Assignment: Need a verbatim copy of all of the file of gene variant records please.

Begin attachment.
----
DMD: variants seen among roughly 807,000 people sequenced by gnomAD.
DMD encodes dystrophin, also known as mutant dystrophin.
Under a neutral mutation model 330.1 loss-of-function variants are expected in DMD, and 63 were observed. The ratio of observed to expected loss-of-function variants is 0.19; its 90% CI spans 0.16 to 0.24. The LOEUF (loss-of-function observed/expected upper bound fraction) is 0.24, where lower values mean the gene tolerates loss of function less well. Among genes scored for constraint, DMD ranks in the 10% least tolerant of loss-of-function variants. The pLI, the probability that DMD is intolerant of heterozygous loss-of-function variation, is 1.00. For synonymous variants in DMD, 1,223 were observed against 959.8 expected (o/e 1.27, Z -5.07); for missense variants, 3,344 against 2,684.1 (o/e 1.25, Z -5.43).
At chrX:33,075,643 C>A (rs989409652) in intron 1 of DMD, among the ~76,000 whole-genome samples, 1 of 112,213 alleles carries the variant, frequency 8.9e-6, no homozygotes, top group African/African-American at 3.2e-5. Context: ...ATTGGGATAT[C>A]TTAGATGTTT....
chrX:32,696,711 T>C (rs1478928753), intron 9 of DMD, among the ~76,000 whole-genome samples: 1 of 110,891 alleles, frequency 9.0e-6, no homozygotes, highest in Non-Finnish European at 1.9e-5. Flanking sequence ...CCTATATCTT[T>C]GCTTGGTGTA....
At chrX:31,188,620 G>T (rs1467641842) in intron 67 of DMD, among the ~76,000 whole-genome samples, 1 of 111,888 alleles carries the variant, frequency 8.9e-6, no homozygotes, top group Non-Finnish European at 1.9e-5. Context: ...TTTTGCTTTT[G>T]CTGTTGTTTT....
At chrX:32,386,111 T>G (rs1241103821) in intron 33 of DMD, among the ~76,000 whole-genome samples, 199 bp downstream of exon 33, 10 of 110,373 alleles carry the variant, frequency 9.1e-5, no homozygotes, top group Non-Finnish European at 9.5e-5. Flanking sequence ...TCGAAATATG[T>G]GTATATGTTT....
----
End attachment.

DMD: variants seen among roughly 807,000 people sequenced by gnomAD.
DMD encodes dystrophin, also known as mutant dystrophin.
Under a neutral mutation model 330.1 loss-of-function variants are expected in DMD, and 63 were observed. The ratio of observed to expected loss-of-function variants is 0.19; its 90% CI spans 0.16 to 0.24. The LOEUF (loss-of-function observed/expected upper bound fraction) is 0.24, where lower values mean the gene tolerates loss of function less well. Among genes scored for constraint, DMD ranks in the 10% least tolerant of loss-of-function variants. The pLI, the probability that DMD is intolerant of heterozygous loss-of-function variation, is 1.00. For synonymous variants in DMD, 1,223 were observed against 959.8 expected (o/e 1.27, Z -5.07); for missense variants, 3,344 against 2,684.1 (o/e 1.25, Z -5.43).
At chrX:33,075,643 C>A (rs989409652) in intron 1 of DMD, among the ~76,000 whole-genome samples, 1 of 112,213 alleles carries the variant, frequency 8.9e-6, no homozygotes, top group African/African-American at 3.2e-5. Context: ...ATTGGGATAT[C>A]TTAGATGTTT....
chrX:32,696,711 T>C (rs1478928753), intron 9 of DMD, among the ~76,000 whole-genome samples: 1 of 110,891 alleles, frequency 9.0e-6, no homozygotes, highest in Non-Finnish European at 1.9e-5. Flanking sequence ...CCTATATCTT[T>C]GCTTGGTGTA....
At chrX:31,188,620 G>T (rs1467641842) in intron 67 of DMD, among the ~76,000 whole-genome samples, 1 of 111,888 alleles carries the variant, frequency 8.9e-6, no homozygotes, top group Non-Finnish European at 1.9e-5. Context: ...TTTTGCTTTT[G>T]CTGTTGTTTT....
At chrX:32,386,111 T>G (rs1241103821) in intron 33 of DMD, among the ~76,000 whole-genome samples, 199 bp downstream of exon 33, 10 of 110,373 alleles carry the variant, frequency 9.1e-5, no homozygotes, top group Non-Finnish European at 9.5e-5. Flanking sequence ...TCGAAATATG[T>G]GTATATGTTT....